If we consider climate change as opportunity to reclaim mother earth from the clutches of capitalism, we can so too consider the increasing number of accounts of sexual misconduct, and abuses of power by men in hierarchical yoga traditions as an opportunity to reclaim yoga as a sacred and safe space for women. In an article published in 2019, Miss Rosen makes this powerful call to action: “Mother Earth, like the sea, are historically considered feminine entities – a telling truth in a patriarchal world. What Western society has sought to exploit and oppress, perhaps William Congreve said it best in 1697: “Hell hath no fury like a woman scorned.” But why wait until it’s too late?” and just like the invitation, published in the Kundalini Global Level One Training Manual, to ‘get altars in every home…to have a place in our own world where we anchor ourselves and take stock. Where we turn inward and meet out soul. No rules, no regulations…’ it feels the time is now to truly reflect on how such practises could create massive shifts in energy for everyone. If we let the feminine sacred space thrive, free of dogma, free of walls.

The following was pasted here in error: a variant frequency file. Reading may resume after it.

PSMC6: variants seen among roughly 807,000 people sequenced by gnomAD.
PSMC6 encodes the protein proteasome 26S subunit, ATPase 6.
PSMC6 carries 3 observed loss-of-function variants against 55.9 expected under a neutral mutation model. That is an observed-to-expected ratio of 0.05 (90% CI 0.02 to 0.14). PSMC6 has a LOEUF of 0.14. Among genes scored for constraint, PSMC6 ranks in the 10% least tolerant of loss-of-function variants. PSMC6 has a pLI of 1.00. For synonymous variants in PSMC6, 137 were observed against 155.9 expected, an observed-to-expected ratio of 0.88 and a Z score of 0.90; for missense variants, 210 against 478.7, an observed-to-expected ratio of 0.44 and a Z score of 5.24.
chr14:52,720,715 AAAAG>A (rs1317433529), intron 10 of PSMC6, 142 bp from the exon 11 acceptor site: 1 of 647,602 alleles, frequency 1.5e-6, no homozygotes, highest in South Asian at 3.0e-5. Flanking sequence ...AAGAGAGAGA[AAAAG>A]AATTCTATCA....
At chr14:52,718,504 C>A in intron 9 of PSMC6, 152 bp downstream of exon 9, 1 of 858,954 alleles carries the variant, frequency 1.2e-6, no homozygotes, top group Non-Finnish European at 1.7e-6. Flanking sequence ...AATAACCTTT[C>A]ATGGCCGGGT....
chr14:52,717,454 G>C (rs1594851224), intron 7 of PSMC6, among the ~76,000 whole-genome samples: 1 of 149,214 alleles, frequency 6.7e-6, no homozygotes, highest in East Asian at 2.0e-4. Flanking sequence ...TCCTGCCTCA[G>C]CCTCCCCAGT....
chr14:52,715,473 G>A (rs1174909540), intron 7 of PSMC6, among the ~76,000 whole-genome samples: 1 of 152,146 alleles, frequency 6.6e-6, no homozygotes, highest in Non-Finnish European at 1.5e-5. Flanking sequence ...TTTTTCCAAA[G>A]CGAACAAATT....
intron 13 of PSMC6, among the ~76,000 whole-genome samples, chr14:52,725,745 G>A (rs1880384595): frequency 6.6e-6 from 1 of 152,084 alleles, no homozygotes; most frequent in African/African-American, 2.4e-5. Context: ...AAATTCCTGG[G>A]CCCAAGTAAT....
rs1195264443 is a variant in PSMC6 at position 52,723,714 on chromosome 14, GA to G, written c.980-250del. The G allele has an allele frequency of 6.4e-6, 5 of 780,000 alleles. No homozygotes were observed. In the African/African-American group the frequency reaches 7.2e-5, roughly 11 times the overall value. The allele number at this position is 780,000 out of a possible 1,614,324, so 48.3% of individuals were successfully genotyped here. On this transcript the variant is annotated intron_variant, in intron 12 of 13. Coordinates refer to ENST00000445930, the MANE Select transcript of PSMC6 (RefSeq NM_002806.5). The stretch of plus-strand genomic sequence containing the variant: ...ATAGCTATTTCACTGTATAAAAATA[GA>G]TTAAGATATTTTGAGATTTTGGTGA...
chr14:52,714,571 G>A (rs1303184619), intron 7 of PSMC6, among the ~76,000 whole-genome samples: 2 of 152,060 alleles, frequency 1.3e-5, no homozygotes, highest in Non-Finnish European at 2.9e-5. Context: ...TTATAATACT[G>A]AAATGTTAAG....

Calling in the Divine Feminine: why it is important for yoga and for life

In Kundalini Global yoga classes, calling on our Divine Feminine energy is a key element in what makes the practise exceptional.

Exceptional in its kindness, in its openness to all humans and in its ability to really allow ANYONE practising to connect with themselves.

Whilst I feel that the binary language here (indeed all binary language) can be problematic in allowing us to open up to the idea of Divine Feminine energy it is important to say that it is not exclusive to women. It represents our connection to nurturing, to intuition, to collaboration, to creativity, to empathy, to sensuality… to so much magic and this is REGARDLESS of your gender identity. 

Every single one of you magical creatures reading this holds huge armfuls of feminine (and masculine) wisdom and energy that you are able to connect with consciously to use all parts of your unique magic in different parts of this peculiar human life.

The Divine Feminine is a sacred energy – it is one of two aspects of  consciousness under the esoteric thought that our consciousness is divided up between the masculine (right) side and the feminine (left) side.  The Divine Feminine is your intuition, your empathy, your creativity, your sensuality… 

Over thousands of years, this energy has been continually disregarded as we have been collectively (and individually) trained in to living lives regulated by masculine energy.